Representatives of the youngest generation of Hungarian contemporary art, these woman artists showcase various different artistic positions. The non-existent or barely existent expression “confuseless” – found perhaps only in the digital realm alongside various other neologisms of the internet – makes us uncertain, blurs the boundaries, simultaneously claims and negates; likewise, the four exhibiting artists bewilder us with their confidently unsure artistic statements. Their works speak of manic obsession, tropical longing, pseudo-reality, and romantic materialism. Amongst the wide range of techniques represented at the exhibition are shaped canvases, plaster masses, polyurethane foam sculptures, acrylic felt-tip pens, inflatable air mattresses and digital posters. Post-romantic stories with four different approaches.
Born in 1990 in Debrecen, Mónika Kárándi finished her studies at the Hungarian University of Fine Arts in 2014. Kárándi constructs her post-romantic visual universe laden with yearning for far-off places by magnifying the tropes of free time and tourism to exotic countries. In her shaped canvases stretched on projecting, skirt-like frames and her installation titled Lagoon (2017-2018) she reconstructs modernity’s myth of longing to escape civilisation through rice patterns scattered around palm trees and an oil painting placed in an inflatable air mattress forming a pearl mussel. Sensitive comments on Gauguin’s legendary Noa-Noa and on the pseudo-naïve search for exoticism in The Blue Lagoon, the cinema blockbuster from the 1980s.
Zsófia Jauernik was born in 1989 in Budapest and graduated as an architect in 2014 from the Budapest University of Technology and Economics. Her interest in project-based collaboration, interdisciplinary research and open-ended installation, however, has landed her in the fine art scene. Jauernik works with a characteristic post-internet approach, using cheap rubbish, DIY techniques and decorative elements, through which she creates the empirical world and romance-imbued toys of materialism reaching beyond the digital. Her polyurethane foam sculptures titled Don’t be afraid to be confused (2017/2018) evoke Bocca della Verità, the fortune-telling Roman relief which has been reduced to a shopping mall spectacle by today.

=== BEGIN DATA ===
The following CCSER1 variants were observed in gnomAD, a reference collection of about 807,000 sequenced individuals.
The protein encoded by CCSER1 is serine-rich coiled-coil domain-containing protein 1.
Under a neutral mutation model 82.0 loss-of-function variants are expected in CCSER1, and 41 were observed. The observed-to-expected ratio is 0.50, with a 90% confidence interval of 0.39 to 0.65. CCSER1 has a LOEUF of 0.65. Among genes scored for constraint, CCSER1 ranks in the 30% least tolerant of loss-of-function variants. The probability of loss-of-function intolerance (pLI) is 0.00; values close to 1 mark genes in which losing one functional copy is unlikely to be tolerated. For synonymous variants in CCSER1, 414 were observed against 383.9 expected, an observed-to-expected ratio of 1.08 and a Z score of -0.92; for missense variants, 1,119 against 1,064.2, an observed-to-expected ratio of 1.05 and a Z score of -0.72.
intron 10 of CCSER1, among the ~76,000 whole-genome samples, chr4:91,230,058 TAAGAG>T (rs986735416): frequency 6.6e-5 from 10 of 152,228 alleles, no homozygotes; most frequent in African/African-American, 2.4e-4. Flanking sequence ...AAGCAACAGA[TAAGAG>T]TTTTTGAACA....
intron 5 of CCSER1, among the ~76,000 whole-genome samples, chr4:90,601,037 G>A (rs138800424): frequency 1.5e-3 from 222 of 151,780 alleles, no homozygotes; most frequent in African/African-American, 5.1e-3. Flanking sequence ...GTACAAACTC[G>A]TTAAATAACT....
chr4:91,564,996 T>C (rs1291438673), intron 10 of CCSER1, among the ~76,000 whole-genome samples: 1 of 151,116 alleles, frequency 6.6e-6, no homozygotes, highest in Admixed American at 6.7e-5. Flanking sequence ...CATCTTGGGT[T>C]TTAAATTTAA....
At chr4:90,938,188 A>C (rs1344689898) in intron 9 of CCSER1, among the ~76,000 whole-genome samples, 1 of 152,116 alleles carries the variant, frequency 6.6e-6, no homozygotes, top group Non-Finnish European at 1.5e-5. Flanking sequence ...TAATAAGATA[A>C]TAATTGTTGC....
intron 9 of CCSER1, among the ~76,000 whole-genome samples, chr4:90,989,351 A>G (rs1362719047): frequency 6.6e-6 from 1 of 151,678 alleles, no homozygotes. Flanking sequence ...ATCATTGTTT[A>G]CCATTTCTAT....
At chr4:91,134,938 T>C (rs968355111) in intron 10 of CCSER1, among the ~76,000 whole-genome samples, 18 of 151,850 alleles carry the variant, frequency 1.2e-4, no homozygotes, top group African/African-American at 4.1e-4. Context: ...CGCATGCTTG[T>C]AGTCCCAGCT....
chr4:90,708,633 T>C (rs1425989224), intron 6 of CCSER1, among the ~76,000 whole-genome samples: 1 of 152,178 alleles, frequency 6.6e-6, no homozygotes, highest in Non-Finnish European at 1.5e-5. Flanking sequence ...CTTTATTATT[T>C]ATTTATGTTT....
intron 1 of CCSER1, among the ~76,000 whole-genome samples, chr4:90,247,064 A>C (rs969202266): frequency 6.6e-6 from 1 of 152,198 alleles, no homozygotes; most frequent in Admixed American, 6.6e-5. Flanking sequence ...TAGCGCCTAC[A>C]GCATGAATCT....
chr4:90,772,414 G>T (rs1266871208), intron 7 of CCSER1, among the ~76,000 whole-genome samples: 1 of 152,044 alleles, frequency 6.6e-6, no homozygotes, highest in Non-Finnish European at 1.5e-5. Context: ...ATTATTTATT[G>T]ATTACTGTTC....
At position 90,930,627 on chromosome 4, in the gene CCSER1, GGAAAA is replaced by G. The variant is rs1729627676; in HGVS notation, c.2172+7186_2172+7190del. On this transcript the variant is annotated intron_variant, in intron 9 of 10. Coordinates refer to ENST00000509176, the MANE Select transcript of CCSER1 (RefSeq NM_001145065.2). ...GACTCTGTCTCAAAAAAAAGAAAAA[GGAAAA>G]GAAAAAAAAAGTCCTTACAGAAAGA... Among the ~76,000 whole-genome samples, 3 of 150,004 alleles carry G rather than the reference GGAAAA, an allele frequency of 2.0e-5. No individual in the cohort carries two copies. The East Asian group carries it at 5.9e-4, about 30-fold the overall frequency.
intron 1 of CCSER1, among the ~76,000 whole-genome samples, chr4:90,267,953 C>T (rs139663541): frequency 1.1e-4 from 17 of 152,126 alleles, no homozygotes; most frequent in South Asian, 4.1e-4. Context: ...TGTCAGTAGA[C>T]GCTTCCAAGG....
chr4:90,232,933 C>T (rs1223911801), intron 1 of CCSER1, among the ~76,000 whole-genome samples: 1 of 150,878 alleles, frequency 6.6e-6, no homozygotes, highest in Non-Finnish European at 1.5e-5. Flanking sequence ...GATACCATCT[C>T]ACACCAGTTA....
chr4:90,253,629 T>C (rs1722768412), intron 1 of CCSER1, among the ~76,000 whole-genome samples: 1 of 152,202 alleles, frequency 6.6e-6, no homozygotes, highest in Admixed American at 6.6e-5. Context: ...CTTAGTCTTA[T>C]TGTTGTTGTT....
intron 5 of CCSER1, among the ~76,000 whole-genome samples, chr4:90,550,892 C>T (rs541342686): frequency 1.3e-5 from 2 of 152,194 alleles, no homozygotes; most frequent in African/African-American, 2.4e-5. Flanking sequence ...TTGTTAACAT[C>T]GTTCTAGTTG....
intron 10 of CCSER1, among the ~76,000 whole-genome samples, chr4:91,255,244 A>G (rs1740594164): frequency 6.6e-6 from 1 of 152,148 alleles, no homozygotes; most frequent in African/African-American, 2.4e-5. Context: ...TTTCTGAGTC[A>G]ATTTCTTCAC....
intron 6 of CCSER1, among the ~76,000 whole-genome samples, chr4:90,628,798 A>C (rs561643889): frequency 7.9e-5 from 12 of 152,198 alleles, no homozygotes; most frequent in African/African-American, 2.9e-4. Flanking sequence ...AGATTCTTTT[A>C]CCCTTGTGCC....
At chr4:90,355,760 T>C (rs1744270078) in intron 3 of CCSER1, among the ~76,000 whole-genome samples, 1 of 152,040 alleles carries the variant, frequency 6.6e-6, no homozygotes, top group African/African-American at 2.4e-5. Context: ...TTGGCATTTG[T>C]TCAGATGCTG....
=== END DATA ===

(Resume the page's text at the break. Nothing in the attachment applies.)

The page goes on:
The expression of the sculpture that bites off the liar’s hand is re-interpreted here by the confused emoji icon of Facebook Messenger. The tripartite installation Romanticism is Over (2018) illustrates the new dialectics of the birth of notions, roaming on blurry and romantic fields of interpretation. Jauernik creates a framework in which she brings to life John Keats’s “negative capability”, beauty perceived beyond logic, indicating the points where the tropes of nineteenth-century thought created by Romanticism intermittently emerge in the realms of the modern and the post-modern.
Budapest-born Melinda Dovák (1991-) pursued her studies in Munich and graduated from the Hungarian University of Fine Arts in 2018. Dovák’s artistic vocabulary is a sensitive personal reading of new abstraction which recycles art historical icons as well as minutiae. Her DJ sets executed in acrylic, spray, and twisted canvas mix loud and rowdy techno with transparent trompe-l’oeil lies. Her large-scale paintings shaded by spray-paint model different layers of reality while her crumpled canvases soaked in glue and her objects recycling spent images are reborn as studio litter and firebombs, re-sculpting two-dimensional painting into experimental sculpture.
Erika Fábián was born in 1988 in Budapest and graduated as a graphic artist from the Hungarian University of Fine Arts in 2015. Fábián’s art is a visual imprint of self-therapy conducted with monastic consistency. Her artistic method can be derived from graphic art: she speckles her canvases with miniscule dots using an acrylic pen. The coloured dots record the day’s creative process like a diary, similarly to the vaguely-outlined plains in Renaissance fresco-making intended to note the tasks required to conclude within the day (the giornata). Out of the visual image-making process evoking the growth as well as the eerie decay of coral reefs, a variable, pulsing raster pattern is born. While Fábián’s large-scale painting (150 x 150 cm) titled P171125180107 (2017) provides an experience of totality which absorbs the viewer and rocks him with the cool flesh-like shade of pink, her work titled Pink II. (2017), with its microscopic dots painted under magnifying glass occupying a surface no bigger than a pair of palms, creates the miniature realm of the biological self.